Nice. I'm having trouble w/ 1, so I'll just toss in Dmitri S. (I don't know that symphony at all, but I'm sure it's fine). Took some shuffling (e.g., the obvious Gorecki 3 changed to 4, which if you haven't heard it ROCKS!), moving Mahler and Brahms etc. Of course the best list would include Mahler in all positions except 8!
jdane -- I dig your choices. Love the Schubert Fifth. I play some of those tunes on my fiddle. It's better than whistling 'em! The adagio in the Bruckner Eighth has some of the most powerful moments in all of music. The Mahler Third is a vast wonderland. Every choral group in the land should sing "Es sungen drei Engel" at least once each Christmas.
This is fun and a bit of a challenge. I'm going with: 1. Brahms 2. Sibelius 3. Mahler 4. Shostakovich 5. Mendelssohn 6. Tchaikovski 7. Beethoven 8. Schubert 9. Bruckner
This arrangement permitted me to choose my favorite classical and post classical symphony composers, although it necessitated exclusion of Dvorak. It permitted me to select my favorite symphonies of Brahms, Sibelius, Mahler, Mendelssohn, Tchaikovski (Manfred is close to 6), Beethoven, and Schubert. Selecting Shostakovich at 4 is a stretch, but the wonderful account by Mariss Jansons allows me to slot Shostakovich here. If you haven't heard Janson's 4th, you haven't heard the 4th. In truth, Babi Yar would be my favorite, but you stopped at 9, so Dmitri had to go somewhere. I'd probably call #9 Bruckner's best, so this isn't much of a stretch. If I go HvK Bruckner, its #9, If I go Eugen Jochim, probably 6 or 8,
@jdane: I too would have picked Mahler for all positions in the list if it were allowed. But you omit Mahler’s Eighth? The night in 2009 that I spent listening to the San Francisco Symphony and Chorus perform Mahler’s Eighth was one of the most memorable evenings I have ever spent at a concert.
PC-- I realize I'm in the minority on M8. I've never liked it, and I only heard it live once. LAPhil (forget who was conducting--prob. Dudamel during one of the Mahler cycles here) in the cavernous Shrine, easily the worst music venue in the world. Now I love both the LAPhil and the LAChorale, but all that went through my mind the entire night was PLEASE! Get on with The Eternal Feminine so we can get the f. out of here! (And meanwhile, let me put in another plug for the Gorecki 4th!)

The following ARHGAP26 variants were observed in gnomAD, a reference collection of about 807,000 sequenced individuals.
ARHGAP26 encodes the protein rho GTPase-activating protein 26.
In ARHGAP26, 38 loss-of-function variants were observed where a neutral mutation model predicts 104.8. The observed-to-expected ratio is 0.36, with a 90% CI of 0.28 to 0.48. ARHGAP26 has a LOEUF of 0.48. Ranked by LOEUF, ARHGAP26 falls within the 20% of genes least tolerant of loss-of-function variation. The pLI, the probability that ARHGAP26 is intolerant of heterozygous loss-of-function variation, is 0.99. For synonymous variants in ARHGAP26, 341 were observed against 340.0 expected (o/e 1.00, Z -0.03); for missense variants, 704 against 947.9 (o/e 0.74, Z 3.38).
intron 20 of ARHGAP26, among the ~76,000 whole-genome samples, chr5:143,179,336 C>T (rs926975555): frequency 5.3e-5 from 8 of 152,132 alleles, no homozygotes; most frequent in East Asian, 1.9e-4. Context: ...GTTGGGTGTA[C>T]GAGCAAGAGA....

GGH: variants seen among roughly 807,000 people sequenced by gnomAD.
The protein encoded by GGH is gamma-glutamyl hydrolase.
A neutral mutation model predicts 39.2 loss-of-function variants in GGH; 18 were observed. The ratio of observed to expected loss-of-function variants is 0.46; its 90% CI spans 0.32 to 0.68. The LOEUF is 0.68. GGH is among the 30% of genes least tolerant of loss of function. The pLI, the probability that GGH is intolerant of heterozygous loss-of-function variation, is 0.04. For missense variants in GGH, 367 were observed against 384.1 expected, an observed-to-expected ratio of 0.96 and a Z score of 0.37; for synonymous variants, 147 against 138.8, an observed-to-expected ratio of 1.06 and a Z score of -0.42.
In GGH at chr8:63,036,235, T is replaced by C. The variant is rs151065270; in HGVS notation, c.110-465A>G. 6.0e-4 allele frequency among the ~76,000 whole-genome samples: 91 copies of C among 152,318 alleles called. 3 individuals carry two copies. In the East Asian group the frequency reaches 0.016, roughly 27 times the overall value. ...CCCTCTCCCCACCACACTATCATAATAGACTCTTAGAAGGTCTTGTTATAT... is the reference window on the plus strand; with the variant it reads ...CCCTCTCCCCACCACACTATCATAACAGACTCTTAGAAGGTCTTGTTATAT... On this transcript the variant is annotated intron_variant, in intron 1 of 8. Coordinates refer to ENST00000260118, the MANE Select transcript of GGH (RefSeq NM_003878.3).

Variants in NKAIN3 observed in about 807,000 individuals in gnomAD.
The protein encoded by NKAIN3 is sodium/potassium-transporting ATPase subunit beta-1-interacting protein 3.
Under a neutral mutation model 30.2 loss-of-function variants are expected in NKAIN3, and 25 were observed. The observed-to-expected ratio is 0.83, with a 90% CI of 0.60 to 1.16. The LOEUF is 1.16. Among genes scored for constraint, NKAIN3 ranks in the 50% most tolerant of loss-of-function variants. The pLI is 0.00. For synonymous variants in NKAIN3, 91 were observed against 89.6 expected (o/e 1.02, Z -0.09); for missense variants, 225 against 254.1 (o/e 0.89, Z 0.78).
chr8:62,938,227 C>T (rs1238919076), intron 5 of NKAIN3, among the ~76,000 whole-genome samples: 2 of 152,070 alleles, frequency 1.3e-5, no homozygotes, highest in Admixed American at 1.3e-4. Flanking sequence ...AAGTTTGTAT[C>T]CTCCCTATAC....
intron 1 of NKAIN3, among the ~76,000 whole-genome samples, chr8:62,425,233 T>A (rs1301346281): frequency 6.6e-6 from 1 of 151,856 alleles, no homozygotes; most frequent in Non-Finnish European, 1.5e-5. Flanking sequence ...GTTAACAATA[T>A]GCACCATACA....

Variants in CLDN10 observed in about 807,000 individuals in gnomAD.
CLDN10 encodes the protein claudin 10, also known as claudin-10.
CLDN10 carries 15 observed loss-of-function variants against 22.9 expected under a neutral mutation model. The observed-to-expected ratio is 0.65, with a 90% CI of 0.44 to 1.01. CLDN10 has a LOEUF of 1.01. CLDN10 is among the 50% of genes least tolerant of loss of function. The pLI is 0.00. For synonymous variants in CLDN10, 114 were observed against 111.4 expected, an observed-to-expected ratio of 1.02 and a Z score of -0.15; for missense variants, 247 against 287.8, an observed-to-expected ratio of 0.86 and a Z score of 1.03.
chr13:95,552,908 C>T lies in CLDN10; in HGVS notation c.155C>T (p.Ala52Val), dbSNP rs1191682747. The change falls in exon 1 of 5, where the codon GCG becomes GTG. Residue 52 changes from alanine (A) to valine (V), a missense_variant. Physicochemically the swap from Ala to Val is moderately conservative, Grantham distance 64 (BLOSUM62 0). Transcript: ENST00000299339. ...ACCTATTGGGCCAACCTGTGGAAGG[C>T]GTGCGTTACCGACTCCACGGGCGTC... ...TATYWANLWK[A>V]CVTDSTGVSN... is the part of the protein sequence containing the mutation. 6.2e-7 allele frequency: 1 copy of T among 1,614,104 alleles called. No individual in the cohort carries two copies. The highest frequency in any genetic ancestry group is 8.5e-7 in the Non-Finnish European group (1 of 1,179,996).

"Or all of Cookie’s recordings of Tilson Thomas with the SFS"
Was Cookie Marenco involved with the SF Media series of recordings with the SF Symphony? I know the recordings are/were? available on the Blue Coast Music website for purchase and download, but I didn’t know that Cookie was involved in the production.
Cool. Several choices here I've never heard or even heard OF. Working now to correct that. (I'm giving myself extra points if I actually own a recording of one of these.). Atterberg??!! And I thought Scriabin never moved from the piano bench.
Why do we stop at 9? That is unfair to someone like Haydn, or Khovahness, or even Leif Segerstram. So I’ll do 10-15. 10-Mahler, in the Deryck Cooke completion. 11. C.P.E. Bach Wq182 12. Haydn 13. Mozart 14. Weinberg 15. Shostakovich
How about we keep it at nine symphonies, but open it up to the last digit only? Thus #2, #72, and #102 would all be allowed picks for #2. That gives you more symphonies to choose from, but you still have make choices to come with a list of nine.